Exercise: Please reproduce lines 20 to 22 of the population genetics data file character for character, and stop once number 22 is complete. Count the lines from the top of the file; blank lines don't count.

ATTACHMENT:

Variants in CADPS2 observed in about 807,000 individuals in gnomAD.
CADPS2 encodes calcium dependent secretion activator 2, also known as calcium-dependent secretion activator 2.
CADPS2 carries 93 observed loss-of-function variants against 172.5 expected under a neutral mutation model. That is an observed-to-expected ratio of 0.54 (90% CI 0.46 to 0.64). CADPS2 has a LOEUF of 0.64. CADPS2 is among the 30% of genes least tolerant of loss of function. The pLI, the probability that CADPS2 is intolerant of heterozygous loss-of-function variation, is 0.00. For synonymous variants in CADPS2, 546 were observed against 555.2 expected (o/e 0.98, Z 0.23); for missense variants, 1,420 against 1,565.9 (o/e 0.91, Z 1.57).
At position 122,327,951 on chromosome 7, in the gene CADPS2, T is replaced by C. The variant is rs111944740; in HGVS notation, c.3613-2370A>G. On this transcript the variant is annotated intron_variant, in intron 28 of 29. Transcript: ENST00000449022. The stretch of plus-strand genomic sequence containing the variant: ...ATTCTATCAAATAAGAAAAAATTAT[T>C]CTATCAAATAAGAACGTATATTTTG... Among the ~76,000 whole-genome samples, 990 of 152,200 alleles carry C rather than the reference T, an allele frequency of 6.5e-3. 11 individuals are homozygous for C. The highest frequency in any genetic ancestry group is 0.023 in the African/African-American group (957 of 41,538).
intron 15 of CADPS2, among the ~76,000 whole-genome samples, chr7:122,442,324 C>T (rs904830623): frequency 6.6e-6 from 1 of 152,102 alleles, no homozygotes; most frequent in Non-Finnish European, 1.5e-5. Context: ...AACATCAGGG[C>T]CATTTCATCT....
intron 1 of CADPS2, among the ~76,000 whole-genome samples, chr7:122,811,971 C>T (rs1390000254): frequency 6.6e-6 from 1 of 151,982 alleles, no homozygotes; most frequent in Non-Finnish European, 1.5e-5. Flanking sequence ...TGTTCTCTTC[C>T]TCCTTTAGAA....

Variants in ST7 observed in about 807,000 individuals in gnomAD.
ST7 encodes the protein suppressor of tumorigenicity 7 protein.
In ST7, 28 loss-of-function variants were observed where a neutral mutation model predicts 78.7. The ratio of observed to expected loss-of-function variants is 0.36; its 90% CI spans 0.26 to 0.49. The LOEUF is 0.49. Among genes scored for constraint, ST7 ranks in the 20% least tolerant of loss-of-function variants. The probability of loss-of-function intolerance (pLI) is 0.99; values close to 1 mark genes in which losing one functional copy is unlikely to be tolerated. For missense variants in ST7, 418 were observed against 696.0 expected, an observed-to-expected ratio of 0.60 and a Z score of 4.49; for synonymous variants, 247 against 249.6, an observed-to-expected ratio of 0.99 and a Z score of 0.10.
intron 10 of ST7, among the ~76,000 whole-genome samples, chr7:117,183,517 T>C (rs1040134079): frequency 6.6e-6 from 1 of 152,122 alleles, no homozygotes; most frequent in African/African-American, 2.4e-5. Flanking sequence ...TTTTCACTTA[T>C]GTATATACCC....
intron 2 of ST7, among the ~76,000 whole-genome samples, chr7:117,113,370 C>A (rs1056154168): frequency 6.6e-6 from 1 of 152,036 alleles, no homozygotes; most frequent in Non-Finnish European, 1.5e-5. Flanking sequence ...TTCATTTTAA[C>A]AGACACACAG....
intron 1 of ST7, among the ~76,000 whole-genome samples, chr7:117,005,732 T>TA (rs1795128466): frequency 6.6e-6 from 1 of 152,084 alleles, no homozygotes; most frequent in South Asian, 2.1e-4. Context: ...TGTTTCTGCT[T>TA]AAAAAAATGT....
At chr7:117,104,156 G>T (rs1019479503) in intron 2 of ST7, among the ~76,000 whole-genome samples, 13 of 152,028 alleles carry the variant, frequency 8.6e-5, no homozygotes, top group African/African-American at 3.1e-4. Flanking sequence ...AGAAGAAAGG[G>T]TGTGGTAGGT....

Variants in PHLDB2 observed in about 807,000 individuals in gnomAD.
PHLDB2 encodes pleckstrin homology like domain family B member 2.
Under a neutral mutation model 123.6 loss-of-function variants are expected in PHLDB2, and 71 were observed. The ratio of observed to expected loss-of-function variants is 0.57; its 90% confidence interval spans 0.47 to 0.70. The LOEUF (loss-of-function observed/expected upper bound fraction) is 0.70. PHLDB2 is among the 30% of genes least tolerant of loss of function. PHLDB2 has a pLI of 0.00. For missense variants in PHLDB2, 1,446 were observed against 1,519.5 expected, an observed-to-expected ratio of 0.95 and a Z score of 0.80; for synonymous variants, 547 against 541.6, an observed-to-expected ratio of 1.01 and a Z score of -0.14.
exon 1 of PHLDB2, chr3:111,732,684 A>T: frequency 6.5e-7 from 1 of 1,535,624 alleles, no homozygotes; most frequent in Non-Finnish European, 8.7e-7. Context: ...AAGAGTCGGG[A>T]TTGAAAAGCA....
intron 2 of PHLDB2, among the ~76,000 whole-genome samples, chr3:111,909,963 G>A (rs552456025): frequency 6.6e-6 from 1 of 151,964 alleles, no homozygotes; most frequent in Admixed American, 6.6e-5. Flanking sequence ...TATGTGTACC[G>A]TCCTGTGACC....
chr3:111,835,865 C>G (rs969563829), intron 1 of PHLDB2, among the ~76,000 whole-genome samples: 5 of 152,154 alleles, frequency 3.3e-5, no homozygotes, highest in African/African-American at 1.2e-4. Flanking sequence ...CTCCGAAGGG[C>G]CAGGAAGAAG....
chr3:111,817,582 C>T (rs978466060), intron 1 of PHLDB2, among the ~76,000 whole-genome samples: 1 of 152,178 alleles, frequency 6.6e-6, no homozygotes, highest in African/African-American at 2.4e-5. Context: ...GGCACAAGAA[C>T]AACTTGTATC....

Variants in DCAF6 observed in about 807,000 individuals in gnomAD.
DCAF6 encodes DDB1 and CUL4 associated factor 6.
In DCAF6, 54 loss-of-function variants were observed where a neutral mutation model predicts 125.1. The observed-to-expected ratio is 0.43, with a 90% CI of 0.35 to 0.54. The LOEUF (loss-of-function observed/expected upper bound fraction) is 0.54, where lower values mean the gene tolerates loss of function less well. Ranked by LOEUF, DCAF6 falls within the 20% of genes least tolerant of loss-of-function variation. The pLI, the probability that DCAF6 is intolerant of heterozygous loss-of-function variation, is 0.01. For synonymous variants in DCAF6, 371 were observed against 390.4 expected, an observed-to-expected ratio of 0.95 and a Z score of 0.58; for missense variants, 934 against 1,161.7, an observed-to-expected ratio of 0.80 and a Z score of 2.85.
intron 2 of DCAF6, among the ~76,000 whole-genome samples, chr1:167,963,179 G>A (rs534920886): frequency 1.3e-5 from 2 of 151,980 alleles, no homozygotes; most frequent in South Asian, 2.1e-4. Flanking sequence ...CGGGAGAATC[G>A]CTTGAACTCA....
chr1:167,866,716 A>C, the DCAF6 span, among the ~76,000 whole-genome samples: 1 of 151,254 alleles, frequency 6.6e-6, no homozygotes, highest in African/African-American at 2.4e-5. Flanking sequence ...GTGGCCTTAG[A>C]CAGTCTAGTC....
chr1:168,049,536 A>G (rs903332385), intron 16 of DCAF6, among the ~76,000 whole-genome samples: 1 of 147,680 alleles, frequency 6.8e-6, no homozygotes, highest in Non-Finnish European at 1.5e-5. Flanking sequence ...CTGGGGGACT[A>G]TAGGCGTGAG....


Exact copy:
chr3:111,817,582 C>T (rs978466060), intron 1 of PHLDB2, among the ~76,000 whole-genome samples: 1 of 152,178 alleles, frequency 6.6e-6, no homozygotes, highest in African/African-American at 2.4e-5. Context: ...GGCACAAGAA[C>T]AACTTGTATC....

Variants in DCAF6 observed in about 807,000 individuals in gnomAD.
DCAF6 encodes DDB1 and CUL4 associated factor 6.